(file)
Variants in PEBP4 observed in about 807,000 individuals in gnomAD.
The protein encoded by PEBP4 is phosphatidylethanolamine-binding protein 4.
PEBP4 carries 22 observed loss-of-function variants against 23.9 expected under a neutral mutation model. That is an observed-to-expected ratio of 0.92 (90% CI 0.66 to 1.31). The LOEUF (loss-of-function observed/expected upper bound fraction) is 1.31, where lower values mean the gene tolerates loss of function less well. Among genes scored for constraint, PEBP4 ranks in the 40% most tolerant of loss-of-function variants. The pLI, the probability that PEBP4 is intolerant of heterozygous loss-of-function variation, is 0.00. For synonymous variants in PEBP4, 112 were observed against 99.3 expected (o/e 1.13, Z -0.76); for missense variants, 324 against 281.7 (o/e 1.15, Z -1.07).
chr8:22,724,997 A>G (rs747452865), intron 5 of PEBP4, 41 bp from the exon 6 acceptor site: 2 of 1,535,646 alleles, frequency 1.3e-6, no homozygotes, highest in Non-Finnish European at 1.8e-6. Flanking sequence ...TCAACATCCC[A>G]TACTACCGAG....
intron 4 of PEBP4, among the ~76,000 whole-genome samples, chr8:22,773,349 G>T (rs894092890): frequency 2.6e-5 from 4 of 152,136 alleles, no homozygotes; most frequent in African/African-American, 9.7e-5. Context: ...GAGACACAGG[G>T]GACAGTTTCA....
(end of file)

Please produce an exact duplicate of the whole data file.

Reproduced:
Variants in PEBP4 observed in about 807,000 individuals in gnomAD.
The protein encoded by PEBP4 is phosphatidylethanolamine-binding protein 4.
PEBP4 carries 22 observed loss-of-function variants against 23.9 expected under a neutral mutation model. That is an observed-to-expected ratio of 0.92 (90% CI 0.66 to 1.31). The LOEUF (loss-of-function observed/expected upper bound fraction) is 1.31, where lower values mean the gene tolerates loss of function less well. Among genes scored for constraint, PEBP4 ranks in the 40% most tolerant of loss-of-function variants. The pLI, the probability that PEBP4 is intolerant of heterozygous loss-of-function variation, is 0.00. For synonymous variants in PEBP4, 112 were observed against 99.3 expected (o/e 1.13, Z -0.76); for missense variants, 324 against 281.7 (o/e 1.15, Z -1.07).
chr8:22,724,997 A>G (rs747452865), intron 5 of PEBP4, 41 bp from the exon 6 acceptor site: 2 of 1,535,646 alleles, frequency 1.3e-6, no homozygotes, highest in Non-Finnish European at 1.8e-6. Flanking sequence ...TCAACATCCC[A>G]TACTACCGAG....
intron 4 of PEBP4, among the ~76,000 whole-genome samples, chr8:22,773,349 G>T (rs894092890): frequency 2.6e-5 from 4 of 152,136 alleles, no homozygotes; most frequent in African/African-American, 9.7e-5. Context: ...GAGACACAGG[G>T]GACAGTTTCA....